#### neilobremski

##### Experienced Member

Code:

`abs(x) = (x XOR y) - y`

Where y = 0xFFFF if x is negative and y = 0x0000 if x is positive. The problem here is obviously

*how to get y*. I mean this still sounds like branching is required in 16-bit. But then I disassembled the MSVC 5.1 code for abs() with /Ox and it revealed the following for ABS(AX):

Code:

```
CWD
XOR AX, DX
SUB AX, DX
```

Voila! By the way, what I did (for future reference to myself) to DEBUG this was to raise interrupt 3 (breakpoint) directly from within the C code and then trace from there ...

Code:

```
#include <dos.h>
#include <math.h>
int main(void) {
union REGS regs;
int x = 0xDEAD, y = 0xBEEF;
int86(3, ®s, ®s);
x = abs(y);
return 0;
};
```

Somehow I was under the impression that CWD wasn't even supported until the 286 ... whoops.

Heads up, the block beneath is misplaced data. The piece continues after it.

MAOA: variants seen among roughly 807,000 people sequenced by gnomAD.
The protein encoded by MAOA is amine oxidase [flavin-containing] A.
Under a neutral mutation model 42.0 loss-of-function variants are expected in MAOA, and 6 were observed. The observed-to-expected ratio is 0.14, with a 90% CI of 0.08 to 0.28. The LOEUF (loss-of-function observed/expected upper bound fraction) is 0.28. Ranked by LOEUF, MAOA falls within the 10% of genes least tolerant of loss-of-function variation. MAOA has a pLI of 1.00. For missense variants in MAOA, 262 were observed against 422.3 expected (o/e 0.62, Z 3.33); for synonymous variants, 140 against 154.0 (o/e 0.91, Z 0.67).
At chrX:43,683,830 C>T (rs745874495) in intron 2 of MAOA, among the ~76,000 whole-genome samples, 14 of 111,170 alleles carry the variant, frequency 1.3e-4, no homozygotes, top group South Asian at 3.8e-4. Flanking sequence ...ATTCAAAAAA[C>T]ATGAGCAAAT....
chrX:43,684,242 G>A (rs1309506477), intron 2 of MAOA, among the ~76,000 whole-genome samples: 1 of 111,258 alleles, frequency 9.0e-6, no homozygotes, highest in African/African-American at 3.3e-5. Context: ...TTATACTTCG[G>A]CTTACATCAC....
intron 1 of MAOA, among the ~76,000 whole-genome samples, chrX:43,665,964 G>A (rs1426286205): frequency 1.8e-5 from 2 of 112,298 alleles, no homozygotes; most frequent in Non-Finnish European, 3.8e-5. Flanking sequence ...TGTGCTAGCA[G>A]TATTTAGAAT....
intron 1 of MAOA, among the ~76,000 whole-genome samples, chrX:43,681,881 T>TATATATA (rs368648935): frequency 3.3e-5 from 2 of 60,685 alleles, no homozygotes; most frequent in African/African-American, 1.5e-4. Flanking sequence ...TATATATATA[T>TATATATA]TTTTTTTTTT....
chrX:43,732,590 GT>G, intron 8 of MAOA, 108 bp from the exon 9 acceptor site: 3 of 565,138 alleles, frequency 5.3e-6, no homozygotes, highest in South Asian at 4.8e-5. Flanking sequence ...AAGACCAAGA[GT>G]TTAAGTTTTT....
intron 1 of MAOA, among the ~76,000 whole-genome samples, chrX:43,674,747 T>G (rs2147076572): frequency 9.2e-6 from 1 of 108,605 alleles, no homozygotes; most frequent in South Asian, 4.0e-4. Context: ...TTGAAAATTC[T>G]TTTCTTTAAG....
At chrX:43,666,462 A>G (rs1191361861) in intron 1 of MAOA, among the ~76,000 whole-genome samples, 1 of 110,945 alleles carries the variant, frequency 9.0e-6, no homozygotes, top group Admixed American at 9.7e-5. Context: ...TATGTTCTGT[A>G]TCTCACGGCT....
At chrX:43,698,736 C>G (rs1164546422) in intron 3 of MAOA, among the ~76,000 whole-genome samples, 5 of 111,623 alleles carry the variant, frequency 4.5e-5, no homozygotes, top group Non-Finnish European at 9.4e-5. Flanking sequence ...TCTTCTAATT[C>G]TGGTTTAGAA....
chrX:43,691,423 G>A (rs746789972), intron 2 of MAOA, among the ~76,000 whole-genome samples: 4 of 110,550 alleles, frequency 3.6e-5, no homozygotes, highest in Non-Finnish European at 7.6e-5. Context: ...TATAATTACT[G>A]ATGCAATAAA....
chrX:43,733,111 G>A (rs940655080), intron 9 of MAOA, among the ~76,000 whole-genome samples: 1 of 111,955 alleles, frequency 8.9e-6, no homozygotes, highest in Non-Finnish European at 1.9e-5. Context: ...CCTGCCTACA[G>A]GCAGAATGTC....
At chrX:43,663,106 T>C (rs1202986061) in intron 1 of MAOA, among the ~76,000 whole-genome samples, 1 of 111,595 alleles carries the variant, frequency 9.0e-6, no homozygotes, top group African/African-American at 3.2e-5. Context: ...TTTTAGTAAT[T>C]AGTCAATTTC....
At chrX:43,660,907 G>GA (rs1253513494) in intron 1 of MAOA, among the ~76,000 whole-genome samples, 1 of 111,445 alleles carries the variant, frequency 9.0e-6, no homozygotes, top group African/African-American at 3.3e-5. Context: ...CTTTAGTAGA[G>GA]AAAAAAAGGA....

Using CBW and CWD can also be used to get the sign of a number as -1 or 1 (with zero counting as positive). The following tests the sign of the byte AL and puts a -1 or 1 into AH:

Code:

```
CBW
OR AH, 01
```

It's too bad I couldn't somehow use OR AL, 01 because that machine code instruction is only two bytes instead of three. If AL is to contain the result then an extra MOV AL, AH is needed.

To count zero as its own thing (so results could be -1, 0, or 1) then I don't see a clear way to do it besides adding a JZ branch. Maybe someone could enlighten me? Yes! See this thread: 16-bit X86 Trick to Multiply by a Number's Sign?

Footnotes:

[SUP][1][/SUP]. https://stackoverflow.com/questions/2639173/x86-assembly-abs-implementation